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New Tool for Teaching Kids to Code


Intro to computer science just became Harvard’s most popular freshman class, outpacing economics, the campus paper reports. At Stanford, computer science is the #1 major.

Yet in most K-12 classrooms, the subject is rarely taught. To change that equation,, a nonprofit whose mission is to get more kids to learn programming, has launched Code Studio — a set of tools, lesson plans, and curriculum to help students in kindergarten through high school explore the underlying concepts behind coding.

Instead of learning a language such as Java or Python, as they would in an Advanced Placement or college course, students manipulate blocks of logic that, if properly sequences, will draw a shape or move a character. There are three new courses for elementary-age kids and an hour lesson in computer coding basics that uses Angry Birds. A teachers’ dashboard allows easy tracking of student progress.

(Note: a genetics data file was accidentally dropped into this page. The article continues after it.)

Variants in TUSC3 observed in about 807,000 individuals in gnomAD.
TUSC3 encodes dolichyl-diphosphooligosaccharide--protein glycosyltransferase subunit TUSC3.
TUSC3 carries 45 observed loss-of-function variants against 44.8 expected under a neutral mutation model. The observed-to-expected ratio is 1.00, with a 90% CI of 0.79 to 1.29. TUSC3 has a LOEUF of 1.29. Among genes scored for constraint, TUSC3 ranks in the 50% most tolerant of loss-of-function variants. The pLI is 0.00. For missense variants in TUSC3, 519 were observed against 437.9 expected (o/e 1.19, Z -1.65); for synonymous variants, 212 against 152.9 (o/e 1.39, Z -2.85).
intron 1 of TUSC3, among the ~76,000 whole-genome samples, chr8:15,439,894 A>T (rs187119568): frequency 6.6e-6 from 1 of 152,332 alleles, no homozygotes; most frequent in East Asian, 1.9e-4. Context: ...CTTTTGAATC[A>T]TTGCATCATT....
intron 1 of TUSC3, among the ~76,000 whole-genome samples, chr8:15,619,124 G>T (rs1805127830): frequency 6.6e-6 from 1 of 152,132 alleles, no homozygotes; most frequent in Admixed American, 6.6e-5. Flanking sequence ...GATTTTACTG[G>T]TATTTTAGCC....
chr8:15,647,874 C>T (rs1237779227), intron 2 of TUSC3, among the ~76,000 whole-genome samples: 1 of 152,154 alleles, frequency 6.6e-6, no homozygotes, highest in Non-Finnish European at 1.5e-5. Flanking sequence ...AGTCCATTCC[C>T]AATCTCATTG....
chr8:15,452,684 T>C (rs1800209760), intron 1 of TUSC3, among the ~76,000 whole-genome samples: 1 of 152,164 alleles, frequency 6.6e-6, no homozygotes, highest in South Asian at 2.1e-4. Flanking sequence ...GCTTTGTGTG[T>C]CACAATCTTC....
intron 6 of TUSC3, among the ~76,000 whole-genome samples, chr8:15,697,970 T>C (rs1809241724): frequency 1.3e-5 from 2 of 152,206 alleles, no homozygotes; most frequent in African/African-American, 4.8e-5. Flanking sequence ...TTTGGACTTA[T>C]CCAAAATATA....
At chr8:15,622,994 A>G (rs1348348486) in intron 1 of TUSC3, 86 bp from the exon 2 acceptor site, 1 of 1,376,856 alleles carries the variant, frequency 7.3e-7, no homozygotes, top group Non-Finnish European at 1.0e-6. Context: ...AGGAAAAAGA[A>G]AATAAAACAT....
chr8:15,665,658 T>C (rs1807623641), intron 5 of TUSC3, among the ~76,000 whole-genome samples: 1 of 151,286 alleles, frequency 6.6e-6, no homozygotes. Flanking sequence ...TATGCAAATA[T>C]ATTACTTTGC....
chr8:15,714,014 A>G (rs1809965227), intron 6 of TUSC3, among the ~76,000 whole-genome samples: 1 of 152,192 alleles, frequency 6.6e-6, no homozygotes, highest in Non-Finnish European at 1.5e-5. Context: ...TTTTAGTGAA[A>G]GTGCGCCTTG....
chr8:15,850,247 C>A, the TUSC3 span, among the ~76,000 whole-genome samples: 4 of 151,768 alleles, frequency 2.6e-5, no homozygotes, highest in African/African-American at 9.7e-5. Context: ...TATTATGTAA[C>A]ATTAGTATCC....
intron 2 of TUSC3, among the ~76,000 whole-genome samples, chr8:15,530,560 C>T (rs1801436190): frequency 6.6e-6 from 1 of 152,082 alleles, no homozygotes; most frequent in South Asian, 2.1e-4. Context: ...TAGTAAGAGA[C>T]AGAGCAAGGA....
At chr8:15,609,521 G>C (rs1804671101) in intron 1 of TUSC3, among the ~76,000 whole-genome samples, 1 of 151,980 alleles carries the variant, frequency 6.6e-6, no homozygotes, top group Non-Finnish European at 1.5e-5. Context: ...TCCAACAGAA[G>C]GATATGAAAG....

Code Studio’s interface is similar to MIT’s Scratch, but uses HTML5 and thus can run in most browsers, and there are puzzle-based lesson plans.

Meanwhile, another effort to expand the ranks of aspiring young computer scientists and engineers just received the first TechCrunch Include Grant of $50,000. Black Girls Code seeks to turn women, particularly young women of color, into producers rather than consumers of technology through a series of after-school workshops and summer camps that blend computer science with art, media, engineering, and other disciplines.


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